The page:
Although none of it was conclusive, that information, coupled with the knowledge that Smith was an economic rival of at least one of the defendants, Berry, who appeared to be a driving force behind the termination, and that many of the defendants disliked Smith's character, was sufficient for the attorneys to draw a "reasonable inference that some wrongdoing was afoot." Lebovitz v. Miller, 856 F.2d 902, 906 (7th Cir. 1988) (finding abuse of discretion in imposition of sanctions). See also Mary Ann Pensiero, Inc. v. Lingle, 847 F.2d 90, 95 (3d Cir. 1988) (reversing district court's sanctions order where at time counsel filed complaint, he knew facts that supported a reasonable suspicion of cooperation between the defendants and other parties who could be expected to benefit from the alleged conspiracy).
Additionally, it is beyond question that some of the defendants had contacted the society concerning its review of Smith's mortality rates. Once the lawyers could establish an underlying scheme to deprive Smith of his practice, those communications could serve as the predicate acts for the RICO complaint.
Information contradicting Smith's claims of wrongdoing, such as the extent and apparent openness of the hospital's termination proceedings, although certainly relevant to the merits of the case, did not establish that the claims had no basis in fact. Rather, such information suggested that the defendants' culpability was an issue of fact, to be established through litigation, leaving Smith's attorneys entitled to pursue the claim. Additionally, nothing in the record indicates that the lawyers had any information that should have caused them to believe that the RICO claim was invalid.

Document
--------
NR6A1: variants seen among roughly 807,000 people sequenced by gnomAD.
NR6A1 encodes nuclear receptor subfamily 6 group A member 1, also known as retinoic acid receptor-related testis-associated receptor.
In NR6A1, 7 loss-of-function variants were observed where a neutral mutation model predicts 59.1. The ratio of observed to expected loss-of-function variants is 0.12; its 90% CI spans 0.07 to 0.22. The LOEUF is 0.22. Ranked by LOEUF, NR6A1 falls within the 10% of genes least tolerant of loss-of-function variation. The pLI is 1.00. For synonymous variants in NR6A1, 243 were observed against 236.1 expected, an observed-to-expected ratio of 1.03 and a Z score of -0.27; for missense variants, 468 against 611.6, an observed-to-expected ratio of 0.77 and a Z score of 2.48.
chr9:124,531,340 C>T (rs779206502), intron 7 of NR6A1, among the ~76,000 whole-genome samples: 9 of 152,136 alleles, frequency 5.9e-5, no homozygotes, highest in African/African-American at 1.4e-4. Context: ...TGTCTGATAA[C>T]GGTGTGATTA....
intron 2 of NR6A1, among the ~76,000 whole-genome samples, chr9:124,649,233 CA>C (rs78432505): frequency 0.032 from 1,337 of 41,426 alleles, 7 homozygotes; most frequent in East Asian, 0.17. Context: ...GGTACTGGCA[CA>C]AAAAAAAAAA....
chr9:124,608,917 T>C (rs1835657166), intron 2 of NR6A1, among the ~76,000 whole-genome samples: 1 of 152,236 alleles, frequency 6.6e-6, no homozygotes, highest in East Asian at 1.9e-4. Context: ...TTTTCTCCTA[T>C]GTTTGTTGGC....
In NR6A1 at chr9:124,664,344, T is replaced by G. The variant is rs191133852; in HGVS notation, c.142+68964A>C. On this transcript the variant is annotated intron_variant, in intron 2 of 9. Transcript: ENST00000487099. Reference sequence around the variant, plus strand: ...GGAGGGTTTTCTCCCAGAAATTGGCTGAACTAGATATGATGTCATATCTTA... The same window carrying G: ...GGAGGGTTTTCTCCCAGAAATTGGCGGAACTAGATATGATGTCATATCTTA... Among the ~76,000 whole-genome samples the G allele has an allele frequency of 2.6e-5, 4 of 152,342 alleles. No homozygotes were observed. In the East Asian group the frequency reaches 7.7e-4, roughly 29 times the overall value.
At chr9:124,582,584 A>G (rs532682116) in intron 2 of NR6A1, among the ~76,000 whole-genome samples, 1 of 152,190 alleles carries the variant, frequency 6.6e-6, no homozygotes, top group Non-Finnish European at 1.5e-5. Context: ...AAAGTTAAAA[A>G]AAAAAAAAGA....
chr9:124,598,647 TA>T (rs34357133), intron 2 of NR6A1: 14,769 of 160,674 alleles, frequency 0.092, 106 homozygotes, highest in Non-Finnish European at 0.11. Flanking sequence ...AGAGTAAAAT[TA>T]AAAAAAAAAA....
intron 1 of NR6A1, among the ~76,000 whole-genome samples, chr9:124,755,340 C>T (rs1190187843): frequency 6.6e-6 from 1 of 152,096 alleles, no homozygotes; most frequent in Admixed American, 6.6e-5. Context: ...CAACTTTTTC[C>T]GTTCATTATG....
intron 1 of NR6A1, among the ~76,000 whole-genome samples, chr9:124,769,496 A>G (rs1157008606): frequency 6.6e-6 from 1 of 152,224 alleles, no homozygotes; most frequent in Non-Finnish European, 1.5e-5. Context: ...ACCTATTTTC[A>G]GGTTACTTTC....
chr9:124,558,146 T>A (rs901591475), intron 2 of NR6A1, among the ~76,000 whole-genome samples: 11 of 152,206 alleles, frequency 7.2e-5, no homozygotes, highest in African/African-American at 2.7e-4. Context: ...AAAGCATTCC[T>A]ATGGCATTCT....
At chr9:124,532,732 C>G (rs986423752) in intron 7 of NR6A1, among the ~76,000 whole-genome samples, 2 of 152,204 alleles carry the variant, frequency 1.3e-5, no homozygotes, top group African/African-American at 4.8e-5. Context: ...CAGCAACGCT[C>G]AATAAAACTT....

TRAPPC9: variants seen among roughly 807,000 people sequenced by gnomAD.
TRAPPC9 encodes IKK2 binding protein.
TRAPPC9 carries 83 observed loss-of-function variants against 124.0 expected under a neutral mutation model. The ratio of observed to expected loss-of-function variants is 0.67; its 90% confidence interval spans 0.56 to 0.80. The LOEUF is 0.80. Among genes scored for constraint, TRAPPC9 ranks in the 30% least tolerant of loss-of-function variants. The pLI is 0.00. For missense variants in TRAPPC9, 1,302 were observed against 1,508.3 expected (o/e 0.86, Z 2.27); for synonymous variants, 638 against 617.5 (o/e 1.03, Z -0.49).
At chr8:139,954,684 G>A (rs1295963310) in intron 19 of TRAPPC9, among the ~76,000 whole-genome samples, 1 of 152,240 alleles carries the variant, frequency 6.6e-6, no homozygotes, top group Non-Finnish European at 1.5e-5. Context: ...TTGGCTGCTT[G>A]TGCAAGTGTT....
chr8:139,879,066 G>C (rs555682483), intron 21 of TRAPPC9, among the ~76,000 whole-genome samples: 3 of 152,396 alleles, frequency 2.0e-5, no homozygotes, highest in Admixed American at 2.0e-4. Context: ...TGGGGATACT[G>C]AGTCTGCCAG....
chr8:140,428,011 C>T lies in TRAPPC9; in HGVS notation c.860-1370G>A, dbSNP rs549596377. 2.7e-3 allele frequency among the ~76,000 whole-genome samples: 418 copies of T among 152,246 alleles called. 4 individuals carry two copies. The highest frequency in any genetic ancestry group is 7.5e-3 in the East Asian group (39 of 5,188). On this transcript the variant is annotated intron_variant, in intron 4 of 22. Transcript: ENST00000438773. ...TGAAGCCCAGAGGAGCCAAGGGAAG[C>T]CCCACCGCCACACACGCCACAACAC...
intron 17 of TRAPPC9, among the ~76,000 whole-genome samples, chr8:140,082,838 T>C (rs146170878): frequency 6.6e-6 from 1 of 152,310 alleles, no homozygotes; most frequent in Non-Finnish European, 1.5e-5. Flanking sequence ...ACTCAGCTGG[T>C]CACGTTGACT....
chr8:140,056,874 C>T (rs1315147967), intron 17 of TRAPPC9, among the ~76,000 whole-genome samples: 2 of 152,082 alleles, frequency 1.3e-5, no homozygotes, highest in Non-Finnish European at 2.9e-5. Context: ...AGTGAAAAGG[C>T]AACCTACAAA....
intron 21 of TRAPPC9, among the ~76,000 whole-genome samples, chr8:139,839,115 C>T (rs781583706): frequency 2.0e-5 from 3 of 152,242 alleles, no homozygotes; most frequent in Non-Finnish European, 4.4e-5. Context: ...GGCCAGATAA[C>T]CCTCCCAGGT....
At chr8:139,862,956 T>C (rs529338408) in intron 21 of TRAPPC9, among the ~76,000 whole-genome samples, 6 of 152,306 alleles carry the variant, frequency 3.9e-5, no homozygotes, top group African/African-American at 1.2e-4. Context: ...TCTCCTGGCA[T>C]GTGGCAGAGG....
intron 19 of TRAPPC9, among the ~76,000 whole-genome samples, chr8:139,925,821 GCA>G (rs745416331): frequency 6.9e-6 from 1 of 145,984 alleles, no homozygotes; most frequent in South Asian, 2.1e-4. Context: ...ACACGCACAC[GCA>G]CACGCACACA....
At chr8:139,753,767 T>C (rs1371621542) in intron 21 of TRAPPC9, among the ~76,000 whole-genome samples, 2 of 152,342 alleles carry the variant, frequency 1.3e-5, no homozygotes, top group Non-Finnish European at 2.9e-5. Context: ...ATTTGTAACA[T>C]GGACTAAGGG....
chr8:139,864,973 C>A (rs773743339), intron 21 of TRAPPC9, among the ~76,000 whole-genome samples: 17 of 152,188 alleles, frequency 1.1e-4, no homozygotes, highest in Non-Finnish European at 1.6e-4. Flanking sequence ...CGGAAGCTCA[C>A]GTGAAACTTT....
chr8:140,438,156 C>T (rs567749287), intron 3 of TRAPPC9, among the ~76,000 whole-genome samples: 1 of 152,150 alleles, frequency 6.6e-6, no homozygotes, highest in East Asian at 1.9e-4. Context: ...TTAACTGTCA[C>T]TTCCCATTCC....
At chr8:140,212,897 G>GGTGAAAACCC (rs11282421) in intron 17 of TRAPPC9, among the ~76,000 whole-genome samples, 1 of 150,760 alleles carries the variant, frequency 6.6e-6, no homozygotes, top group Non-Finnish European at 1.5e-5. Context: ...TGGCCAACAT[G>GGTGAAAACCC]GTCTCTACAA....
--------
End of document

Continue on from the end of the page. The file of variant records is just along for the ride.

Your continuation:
Nor does the record establish that Smith and his lawyers had duties that they failed to fulfill. Most significantly, they did not need to have evidence of the substance of the mail and telephone communications that constituted the predicate acts of mail fraud. As noted above, the communications, whatever their content, arguably constituted mail fraud if they took place in furtherance of the scheme to defraud. See United States v. Aubrey, 878 F.2d at 826. The fact that the communications were ostensibly "innocent" would be irrelevant if, as alleged in the complaint, they were intended to further the defendants' fraudulent scheme.
The hospital points out that Smith's complaint stated that members of the defendant group attempted to prejudice the society's evaluators against Smith through the publication of false and misleading charges, but Smith and his lawyers had no real knowledge of the contents of the communication. The hospital asserts that this lapse reveals the lack of reasonable inquiry under rule 11. Again, however, so long as the communications were in furtherance of the alleged fraud, their contents were not relevant. In light of the otherwise reasonable inquiry, that error will not justify the imposition of rule 11 sanctions. See Greenberg v. Sala, 822 F.2d 882, 887 (9th Cir. 1987).
Several other factors support our conclusion. First, an attorney receiving a case from another attorney is entitled to place some reliance upon that attorney's investigation. Thomas, 836 F.2d at 875. The lawyers thus were entitled to base their analysis in part upon the factual information provided by Bivens, whose interview reports indicated that Smith had been fired for reasons other than his professional competence or lack thereof and whose chronology of the termination process showed that the hospital's bylaws were violated.